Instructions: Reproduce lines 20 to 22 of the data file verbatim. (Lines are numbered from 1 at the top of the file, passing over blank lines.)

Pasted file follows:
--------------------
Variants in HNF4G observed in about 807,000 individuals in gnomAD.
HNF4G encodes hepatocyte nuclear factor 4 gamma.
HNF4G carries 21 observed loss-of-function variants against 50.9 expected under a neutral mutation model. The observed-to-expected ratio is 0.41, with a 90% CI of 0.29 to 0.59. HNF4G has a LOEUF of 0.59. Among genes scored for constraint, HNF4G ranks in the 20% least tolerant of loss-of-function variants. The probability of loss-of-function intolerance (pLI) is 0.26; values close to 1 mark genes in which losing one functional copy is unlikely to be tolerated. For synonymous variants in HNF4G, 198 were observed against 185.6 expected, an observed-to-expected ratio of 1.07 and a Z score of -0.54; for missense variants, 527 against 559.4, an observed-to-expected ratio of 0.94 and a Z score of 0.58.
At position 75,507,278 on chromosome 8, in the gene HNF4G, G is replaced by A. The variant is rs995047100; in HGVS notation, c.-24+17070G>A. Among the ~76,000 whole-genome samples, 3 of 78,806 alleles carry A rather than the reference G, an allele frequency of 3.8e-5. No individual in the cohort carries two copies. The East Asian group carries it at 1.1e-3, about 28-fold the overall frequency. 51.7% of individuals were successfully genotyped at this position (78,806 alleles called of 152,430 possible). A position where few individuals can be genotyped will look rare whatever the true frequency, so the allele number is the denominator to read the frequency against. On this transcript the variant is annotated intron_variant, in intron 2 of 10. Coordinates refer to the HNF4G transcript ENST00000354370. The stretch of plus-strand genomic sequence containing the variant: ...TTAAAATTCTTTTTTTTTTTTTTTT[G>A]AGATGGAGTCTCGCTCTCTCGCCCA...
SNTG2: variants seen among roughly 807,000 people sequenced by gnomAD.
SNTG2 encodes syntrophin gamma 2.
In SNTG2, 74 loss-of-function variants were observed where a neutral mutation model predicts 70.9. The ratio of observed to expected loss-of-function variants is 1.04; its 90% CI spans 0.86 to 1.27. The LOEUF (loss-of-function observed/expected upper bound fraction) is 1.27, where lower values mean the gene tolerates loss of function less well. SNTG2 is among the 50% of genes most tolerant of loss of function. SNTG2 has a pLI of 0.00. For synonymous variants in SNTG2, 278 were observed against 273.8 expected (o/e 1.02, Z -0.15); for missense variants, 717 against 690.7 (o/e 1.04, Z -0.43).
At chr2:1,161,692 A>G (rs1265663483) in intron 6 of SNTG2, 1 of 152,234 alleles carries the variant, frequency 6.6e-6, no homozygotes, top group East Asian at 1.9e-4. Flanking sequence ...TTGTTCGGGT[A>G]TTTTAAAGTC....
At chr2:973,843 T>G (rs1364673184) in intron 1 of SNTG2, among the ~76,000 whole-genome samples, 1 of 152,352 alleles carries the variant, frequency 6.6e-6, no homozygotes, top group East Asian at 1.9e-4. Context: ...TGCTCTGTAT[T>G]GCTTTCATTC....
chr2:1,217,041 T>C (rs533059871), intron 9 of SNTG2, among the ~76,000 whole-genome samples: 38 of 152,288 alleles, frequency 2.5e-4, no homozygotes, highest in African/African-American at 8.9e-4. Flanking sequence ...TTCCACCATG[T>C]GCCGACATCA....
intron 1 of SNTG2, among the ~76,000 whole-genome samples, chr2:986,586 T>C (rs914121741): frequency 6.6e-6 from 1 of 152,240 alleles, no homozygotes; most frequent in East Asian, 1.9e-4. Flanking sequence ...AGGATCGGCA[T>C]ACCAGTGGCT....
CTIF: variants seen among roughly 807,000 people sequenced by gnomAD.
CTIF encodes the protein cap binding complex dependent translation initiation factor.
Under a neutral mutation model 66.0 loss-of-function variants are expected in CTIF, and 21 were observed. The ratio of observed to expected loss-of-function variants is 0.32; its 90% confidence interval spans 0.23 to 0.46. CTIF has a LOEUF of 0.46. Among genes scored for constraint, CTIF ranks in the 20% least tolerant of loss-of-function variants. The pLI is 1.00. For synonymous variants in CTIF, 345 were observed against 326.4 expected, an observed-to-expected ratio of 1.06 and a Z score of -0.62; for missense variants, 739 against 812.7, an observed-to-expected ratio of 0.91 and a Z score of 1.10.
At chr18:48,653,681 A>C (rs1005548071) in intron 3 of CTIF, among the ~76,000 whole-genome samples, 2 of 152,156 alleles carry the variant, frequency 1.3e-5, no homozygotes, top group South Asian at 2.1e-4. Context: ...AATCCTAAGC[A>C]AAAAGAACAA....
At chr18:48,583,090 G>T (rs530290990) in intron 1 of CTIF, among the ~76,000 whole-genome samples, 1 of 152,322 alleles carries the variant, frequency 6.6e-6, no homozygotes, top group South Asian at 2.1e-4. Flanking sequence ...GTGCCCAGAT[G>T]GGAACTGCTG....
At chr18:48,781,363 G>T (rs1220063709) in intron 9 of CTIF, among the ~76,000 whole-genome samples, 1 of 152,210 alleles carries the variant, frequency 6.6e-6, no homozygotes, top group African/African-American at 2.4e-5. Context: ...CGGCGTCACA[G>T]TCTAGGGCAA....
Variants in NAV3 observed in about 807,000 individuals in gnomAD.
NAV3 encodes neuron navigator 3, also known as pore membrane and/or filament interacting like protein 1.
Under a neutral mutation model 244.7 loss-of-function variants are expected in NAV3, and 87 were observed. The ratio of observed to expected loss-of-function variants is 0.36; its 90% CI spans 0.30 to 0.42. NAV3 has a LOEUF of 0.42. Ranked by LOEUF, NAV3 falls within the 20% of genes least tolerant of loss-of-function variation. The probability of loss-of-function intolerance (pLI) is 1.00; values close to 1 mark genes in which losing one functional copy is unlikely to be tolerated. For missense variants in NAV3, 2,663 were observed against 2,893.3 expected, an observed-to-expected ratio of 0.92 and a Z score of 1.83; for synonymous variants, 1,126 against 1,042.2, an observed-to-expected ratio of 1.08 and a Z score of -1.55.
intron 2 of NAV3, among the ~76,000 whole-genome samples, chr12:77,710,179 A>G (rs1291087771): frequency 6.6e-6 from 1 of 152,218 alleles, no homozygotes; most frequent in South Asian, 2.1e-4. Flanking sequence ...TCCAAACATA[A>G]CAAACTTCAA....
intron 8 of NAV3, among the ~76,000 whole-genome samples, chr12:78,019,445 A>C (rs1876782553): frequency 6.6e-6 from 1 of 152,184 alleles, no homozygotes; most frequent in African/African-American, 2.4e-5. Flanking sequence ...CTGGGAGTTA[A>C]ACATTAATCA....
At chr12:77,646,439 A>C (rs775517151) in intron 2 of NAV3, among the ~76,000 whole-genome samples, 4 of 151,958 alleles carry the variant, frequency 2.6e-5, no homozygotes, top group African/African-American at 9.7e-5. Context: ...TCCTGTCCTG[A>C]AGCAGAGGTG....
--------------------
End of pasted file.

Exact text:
Under a neutral mutation model 244.7 loss-of-function variants are expected in NAV3, and 87 were observed. The ratio of observed to expected loss-of-function variants is 0.36; its 90% CI spans 0.30 to 0.42. NAV3 has a LOEUF of 0.42. Ranked by LOEUF, NAV3 falls within the 20% of genes least tolerant of loss-of-function variation. The probability of loss-of-function intolerance (pLI) is 1.00; values close to 1 mark genes in which losing one functional copy is unlikely to be tolerated. For missense variants in NAV3, 2,663 were observed against 2,893.3 expected, an observed-to-expected ratio of 0.92 and a Z score of 1.83; for synonymous variants, 1,126 against 1,042.2, an observed-to-expected ratio of 1.08 and a Z score of -1.55.
intron 2 of NAV3, among the ~76,000 whole-genome samples, chr12:77,710,179 A>G (rs1291087771): frequency 6.6e-6 from 1 of 152,218 alleles, no homozygotes; most frequent in South Asian, 2.1e-4. Flanking sequence ...TCCAAACATA[A>G]CAAACTTCAA....
intron 8 of NAV3, among the ~76,000 whole-genome samples, chr12:78,019,445 A>C (rs1876782553): frequency 6.6e-6 from 1 of 152,184 alleles, no homozygotes; most frequent in African/African-American, 2.4e-5. Flanking sequence ...CTGGGAGTTA[A>C]ACATTAATCA....